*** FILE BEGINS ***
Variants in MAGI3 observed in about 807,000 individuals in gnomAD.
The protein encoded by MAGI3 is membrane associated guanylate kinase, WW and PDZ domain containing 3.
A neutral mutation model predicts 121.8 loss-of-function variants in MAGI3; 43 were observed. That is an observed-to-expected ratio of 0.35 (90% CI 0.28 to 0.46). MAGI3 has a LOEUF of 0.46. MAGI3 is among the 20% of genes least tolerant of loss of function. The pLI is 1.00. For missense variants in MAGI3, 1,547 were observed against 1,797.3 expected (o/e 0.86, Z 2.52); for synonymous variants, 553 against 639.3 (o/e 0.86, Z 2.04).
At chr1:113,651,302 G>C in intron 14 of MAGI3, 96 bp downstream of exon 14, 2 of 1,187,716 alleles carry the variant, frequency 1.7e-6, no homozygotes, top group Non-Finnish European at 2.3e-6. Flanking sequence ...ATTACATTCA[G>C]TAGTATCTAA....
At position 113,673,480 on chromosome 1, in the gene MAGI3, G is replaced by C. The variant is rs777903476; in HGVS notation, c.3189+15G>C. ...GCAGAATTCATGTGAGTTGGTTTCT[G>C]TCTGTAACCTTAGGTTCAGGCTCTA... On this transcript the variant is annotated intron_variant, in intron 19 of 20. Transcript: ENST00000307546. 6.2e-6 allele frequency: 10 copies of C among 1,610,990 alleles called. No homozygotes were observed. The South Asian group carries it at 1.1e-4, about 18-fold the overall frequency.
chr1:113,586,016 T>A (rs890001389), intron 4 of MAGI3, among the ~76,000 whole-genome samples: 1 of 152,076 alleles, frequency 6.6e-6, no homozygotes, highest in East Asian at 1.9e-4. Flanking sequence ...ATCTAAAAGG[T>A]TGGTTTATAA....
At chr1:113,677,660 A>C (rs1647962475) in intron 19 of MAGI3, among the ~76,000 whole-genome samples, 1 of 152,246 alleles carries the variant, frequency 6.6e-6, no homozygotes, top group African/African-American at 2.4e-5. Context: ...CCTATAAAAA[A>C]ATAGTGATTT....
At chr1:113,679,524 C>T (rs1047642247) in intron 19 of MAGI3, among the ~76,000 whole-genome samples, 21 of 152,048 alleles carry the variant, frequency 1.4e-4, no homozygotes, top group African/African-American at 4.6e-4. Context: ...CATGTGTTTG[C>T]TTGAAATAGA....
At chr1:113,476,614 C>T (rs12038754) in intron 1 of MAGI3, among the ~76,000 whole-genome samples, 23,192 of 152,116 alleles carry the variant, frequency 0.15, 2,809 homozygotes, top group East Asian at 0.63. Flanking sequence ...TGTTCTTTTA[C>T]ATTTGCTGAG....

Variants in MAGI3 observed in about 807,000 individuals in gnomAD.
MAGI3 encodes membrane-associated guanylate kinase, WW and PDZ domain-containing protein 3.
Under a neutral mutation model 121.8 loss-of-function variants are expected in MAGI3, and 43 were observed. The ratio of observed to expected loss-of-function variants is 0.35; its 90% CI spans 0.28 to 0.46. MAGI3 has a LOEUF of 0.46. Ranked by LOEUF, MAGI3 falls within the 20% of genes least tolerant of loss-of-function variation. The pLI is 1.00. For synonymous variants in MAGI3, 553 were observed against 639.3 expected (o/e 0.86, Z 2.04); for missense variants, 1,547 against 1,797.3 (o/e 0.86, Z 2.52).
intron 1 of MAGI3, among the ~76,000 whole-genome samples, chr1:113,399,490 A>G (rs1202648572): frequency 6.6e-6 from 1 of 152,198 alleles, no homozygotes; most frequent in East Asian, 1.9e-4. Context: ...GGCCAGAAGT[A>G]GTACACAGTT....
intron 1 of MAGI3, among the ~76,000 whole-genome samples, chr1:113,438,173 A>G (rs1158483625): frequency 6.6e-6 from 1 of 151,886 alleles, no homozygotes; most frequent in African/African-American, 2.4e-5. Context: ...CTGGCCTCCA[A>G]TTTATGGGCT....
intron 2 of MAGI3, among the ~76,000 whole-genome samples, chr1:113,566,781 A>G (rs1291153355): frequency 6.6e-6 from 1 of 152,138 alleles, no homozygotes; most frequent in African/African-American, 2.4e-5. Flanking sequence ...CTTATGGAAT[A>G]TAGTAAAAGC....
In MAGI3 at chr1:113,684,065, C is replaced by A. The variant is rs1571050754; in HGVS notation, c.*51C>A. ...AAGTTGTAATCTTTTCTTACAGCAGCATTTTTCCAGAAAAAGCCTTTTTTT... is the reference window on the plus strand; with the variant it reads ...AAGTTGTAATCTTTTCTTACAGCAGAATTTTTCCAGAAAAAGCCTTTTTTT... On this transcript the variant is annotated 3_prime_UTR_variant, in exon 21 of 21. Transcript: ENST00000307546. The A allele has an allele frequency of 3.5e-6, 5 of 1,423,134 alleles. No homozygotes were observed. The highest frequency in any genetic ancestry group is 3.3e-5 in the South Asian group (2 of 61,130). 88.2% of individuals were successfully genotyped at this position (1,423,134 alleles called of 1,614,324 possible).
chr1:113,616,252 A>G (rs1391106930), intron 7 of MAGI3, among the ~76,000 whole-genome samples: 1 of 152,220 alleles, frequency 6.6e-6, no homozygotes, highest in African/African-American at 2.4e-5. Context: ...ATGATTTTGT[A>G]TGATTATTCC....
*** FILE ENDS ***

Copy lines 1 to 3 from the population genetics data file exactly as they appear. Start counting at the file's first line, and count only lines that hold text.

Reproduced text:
Variants in MAGI3 observed in about 807,000 individuals in gnomAD.
The protein encoded by MAGI3 is membrane associated guanylate kinase, WW and PDZ domain containing 3.
A neutral mutation model predicts 121.8 loss-of-function variants in MAGI3; 43 were observed. That is an observed-to-expected ratio of 0.35 (90% CI 0.28 to 0.46). MAGI3 has a LOEUF of 0.46. MAGI3 is among the 20% of genes least tolerant of loss of function. The pLI is 1.00. For missense variants in MAGI3, 1,547 were observed against 1,797.3 expected (o/e 0.86, Z 2.52); for synonymous variants, 553 against 639.3 (o/e 0.86, Z 2.04).